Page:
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:: Into Great Silence (Große Stille, Die)

If there’s anything everyone will agree on about this film, it is that it is definitely an experience; of some sort. Into Great Silence is the first film to portray the monastic lives of the Carthusian monks of the Grand Chartreuse in the French Alps. What an incredible setting. The footage of the alps is breath-taking and the monastery, in its simplicity, is truly divine.

Except for the occasional chant and very infrequent discussion, these monks live a life of complete silence. The film’s director, Philip Groning, portrays this life effectively by making the film silent itself; an arduous task. His aim was not to make a documentary on the Grand Chartreuse, but to make the film just like the monastery; almost completely silent. Sitting in the theatre in this silence, listening to practically nothing, the film transports you to this life.

Where this silence is extremely effective, it can also be extremely excruciating. You feel at first you are going on a philosophical journey. As you watch, a million thoughts run through your mind and you realise just how much noise you make every day. You watch the monks pray, you watch them eat, you watch them ring church-bells, and every now and then, you are treated to a chant. The first time these actions are shown on the screen, it makes you contemplate the meaning of life. You ask yourself “Could I be happy living in silence? Maybe this is what I need. No work, no tax, no relationships,” and you’ve almost packed your bags. You philosophise and question everything you’ve done to get where you are. You think this film is going to help you sort out your life. It’s almost a Zen experience. You want more.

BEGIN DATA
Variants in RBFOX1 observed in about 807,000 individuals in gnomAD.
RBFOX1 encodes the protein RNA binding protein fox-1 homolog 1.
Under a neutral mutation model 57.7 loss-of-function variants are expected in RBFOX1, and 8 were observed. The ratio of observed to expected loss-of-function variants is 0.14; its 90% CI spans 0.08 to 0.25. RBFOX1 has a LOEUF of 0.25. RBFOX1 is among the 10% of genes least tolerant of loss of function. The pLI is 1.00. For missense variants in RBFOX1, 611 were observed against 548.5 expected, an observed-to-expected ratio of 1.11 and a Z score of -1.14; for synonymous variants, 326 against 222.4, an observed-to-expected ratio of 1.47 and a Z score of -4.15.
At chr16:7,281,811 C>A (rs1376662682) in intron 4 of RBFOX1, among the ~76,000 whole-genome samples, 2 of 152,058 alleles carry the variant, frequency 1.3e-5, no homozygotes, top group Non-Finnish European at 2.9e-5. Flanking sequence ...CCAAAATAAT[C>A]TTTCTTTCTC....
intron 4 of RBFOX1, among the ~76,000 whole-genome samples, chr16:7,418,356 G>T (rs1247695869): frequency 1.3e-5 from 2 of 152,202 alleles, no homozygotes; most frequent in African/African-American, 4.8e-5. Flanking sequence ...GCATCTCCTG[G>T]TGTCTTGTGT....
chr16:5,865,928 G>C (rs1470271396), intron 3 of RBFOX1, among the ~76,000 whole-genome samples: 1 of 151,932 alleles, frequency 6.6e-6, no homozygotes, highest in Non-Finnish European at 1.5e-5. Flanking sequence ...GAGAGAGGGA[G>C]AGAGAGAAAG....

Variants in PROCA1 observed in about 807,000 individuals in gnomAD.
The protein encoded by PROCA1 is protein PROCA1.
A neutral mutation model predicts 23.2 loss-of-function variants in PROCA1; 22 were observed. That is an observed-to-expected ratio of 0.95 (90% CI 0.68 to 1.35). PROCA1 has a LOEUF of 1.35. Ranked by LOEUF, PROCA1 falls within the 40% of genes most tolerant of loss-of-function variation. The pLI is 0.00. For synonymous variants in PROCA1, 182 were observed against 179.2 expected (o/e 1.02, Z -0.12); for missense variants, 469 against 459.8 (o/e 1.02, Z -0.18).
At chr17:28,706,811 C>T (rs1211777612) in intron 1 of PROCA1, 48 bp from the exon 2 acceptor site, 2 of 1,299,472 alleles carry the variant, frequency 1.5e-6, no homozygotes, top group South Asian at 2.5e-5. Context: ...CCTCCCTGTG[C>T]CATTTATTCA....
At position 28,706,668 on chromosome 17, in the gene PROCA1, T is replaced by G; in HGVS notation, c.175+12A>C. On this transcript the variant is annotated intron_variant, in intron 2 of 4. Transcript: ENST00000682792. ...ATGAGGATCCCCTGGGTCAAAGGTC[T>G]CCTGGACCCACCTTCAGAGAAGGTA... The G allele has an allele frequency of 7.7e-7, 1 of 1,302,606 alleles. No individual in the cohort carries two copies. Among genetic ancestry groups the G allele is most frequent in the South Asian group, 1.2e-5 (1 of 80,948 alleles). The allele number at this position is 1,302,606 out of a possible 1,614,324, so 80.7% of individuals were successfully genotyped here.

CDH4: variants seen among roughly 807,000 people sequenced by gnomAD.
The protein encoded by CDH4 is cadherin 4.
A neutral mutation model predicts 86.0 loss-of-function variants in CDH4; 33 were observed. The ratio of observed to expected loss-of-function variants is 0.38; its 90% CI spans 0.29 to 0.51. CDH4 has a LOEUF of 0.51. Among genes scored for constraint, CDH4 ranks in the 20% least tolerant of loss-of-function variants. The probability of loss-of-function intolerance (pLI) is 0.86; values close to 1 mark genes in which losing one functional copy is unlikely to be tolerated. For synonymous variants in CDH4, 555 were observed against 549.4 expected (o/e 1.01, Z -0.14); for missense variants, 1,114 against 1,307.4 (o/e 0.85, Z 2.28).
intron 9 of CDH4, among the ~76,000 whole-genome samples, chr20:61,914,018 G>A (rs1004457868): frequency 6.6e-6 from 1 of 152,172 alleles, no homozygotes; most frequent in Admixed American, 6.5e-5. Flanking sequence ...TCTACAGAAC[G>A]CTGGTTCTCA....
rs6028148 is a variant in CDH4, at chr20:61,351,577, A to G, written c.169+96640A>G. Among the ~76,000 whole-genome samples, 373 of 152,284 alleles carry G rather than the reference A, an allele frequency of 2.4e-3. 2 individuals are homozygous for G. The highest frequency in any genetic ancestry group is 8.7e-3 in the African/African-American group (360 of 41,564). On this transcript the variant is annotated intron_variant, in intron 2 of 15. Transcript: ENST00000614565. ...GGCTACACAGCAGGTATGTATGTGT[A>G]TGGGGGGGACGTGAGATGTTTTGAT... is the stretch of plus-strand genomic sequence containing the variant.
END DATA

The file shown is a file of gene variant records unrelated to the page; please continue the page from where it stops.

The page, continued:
And then…the same actions are repeated. And repeated. And repeated. You see a monk ring the church bells in a 5 minute shot. Then, you see it again. You see a biblical excerpt appear on the screen. Then, you see it again. You see a monk prays. Then, you see it again. You watch the monks saw wood. You watch them clean and shovel snow. You watch them gardening. Then you go insane. After two hours, a city-dweller is truly approaching insanity. Make some noise! Do something different! Have a beer!

This film is in it’s own category. To portray a life that is the antithesis to those of the audience is an enormous challenge. To get people from a consumeristic, fast-paced, get-what-you-want society to engage with monks that rarely make a squeak is near impossible.

While this movie did eventually drive me insane, it has a lot to offer. The fact that this movie made me anxious, fidgety and completely uncomfortable is precisely the point. If you need a bit of animation in your entertainment, or even a story line as a premise, you may not get through this one. But if you are a patient, Zen-minded person and interested in the monastic way of life, I highly recommend this film.